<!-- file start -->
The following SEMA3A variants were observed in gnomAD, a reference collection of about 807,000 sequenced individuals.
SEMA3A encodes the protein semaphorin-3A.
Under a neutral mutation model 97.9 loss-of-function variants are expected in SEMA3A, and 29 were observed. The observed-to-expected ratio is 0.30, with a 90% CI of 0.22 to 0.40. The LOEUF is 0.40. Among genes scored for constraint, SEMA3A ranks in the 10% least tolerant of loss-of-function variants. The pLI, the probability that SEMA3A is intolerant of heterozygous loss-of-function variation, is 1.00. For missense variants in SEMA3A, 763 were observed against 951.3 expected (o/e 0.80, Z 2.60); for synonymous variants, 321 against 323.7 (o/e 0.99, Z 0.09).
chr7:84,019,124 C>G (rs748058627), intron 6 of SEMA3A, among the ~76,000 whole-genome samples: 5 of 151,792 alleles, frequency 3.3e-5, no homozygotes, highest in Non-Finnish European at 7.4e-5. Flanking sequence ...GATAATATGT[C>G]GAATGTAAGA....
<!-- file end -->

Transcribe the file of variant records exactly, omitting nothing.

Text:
The following SEMA3A variants were observed in gnomAD, a reference collection of about 807,000 sequenced individuals.
SEMA3A encodes the protein semaphorin-3A.
Under a neutral mutation model 97.9 loss-of-function variants are expected in SEMA3A, and 29 were observed. The observed-to-expected ratio is 0.30, with a 90% CI of 0.22 to 0.40. The LOEUF is 0.40. Among genes scored for constraint, SEMA3A ranks in the 10% least tolerant of loss-of-function variants. The pLI, the probability that SEMA3A is intolerant of heterozygous loss-of-function variation, is 1.00. For missense variants in SEMA3A, 763 were observed against 951.3 expected (o/e 0.80, Z 2.60); for synonymous variants, 321 against 323.7 (o/e 0.99, Z 0.09).
chr7:84,019,124 C>G (rs748058627), intron 6 of SEMA3A, among the ~76,000 whole-genome samples: 5 of 151,792 alleles, frequency 3.3e-5, no homozygotes, highest in Non-Finnish European at 7.4e-5. Flanking sequence ...GATAATATGT[C>G]GAATGTAAGA....